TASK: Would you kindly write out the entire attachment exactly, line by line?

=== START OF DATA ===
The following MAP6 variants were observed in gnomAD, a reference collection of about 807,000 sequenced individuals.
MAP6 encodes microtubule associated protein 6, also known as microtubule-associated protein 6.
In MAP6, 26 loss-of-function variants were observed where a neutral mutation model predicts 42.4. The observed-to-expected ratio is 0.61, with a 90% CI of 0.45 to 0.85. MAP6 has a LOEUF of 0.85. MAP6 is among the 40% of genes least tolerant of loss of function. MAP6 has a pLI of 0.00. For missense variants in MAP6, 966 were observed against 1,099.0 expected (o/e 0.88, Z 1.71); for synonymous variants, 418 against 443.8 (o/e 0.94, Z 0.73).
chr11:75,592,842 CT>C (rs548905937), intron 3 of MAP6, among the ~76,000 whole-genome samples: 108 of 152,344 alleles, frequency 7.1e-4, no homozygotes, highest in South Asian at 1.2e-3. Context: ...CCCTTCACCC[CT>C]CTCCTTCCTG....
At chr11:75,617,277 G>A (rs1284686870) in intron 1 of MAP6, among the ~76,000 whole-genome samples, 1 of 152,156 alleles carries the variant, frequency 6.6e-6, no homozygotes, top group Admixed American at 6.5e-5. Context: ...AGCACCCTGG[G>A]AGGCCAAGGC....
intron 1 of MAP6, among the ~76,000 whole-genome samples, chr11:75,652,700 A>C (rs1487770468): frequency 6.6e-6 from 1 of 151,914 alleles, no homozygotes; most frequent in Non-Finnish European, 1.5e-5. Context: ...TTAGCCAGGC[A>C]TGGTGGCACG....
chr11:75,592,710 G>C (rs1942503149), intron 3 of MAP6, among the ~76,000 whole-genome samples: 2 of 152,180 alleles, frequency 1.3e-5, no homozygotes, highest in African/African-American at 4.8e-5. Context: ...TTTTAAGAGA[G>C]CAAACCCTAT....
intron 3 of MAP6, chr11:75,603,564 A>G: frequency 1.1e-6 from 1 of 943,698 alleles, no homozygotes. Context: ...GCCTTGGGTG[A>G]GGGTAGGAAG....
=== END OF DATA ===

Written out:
The following MAP6 variants were observed in gnomAD, a reference collection of about 807,000 sequenced individuals.
MAP6 encodes microtubule associated protein 6, also known as microtubule-associated protein 6.
In MAP6, 26 loss-of-function variants were observed where a neutral mutation model predicts 42.4. The observed-to-expected ratio is 0.61, with a 90% CI of 0.45 to 0.85. MAP6 has a LOEUF of 0.85. MAP6 is among the 40% of genes least tolerant of loss of function. MAP6 has a pLI of 0.00. For missense variants in MAP6, 966 were observed against 1,099.0 expected (o/e 0.88, Z 1.71); for synonymous variants, 418 against 443.8 (o/e 0.94, Z 0.73).
chr11:75,592,842 CT>C (rs548905937), intron 3 of MAP6, among the ~76,000 whole-genome samples: 108 of 152,344 alleles, frequency 7.1e-4, no homozygotes, highest in South Asian at 1.2e-3. Context: ...CCCTTCACCC[CT>C]CTCCTTCCTG....
At chr11:75,617,277 G>A (rs1284686870) in intron 1 of MAP6, among the ~76,000 whole-genome samples, 1 of 152,156 alleles carries the variant, frequency 6.6e-6, no homozygotes, top group Admixed American at 6.5e-5. Context: ...AGCACCCTGG[G>A]AGGCCAAGGC....
intron 1 of MAP6, among the ~76,000 whole-genome samples, chr11:75,652,700 A>C (rs1487770468): frequency 6.6e-6 from 1 of 151,914 alleles, no homozygotes; most frequent in Non-Finnish European, 1.5e-5. Context: ...TTAGCCAGGC[A>C]TGGTGGCACG....
chr11:75,592,710 G>C (rs1942503149), intron 3 of MAP6, among the ~76,000 whole-genome samples: 2 of 152,180 alleles, frequency 1.3e-5, no homozygotes, highest in African/African-American at 4.8e-5. Context: ...TTTTAAGAGA[G>C]CAAACCCTAT....
intron 3 of MAP6, chr11:75,603,564 A>G: frequency 1.1e-6 from 1 of 943,698 alleles, no homozygotes. Context: ...GCCTTGGGTG[A>G]GGGTAGGAAG....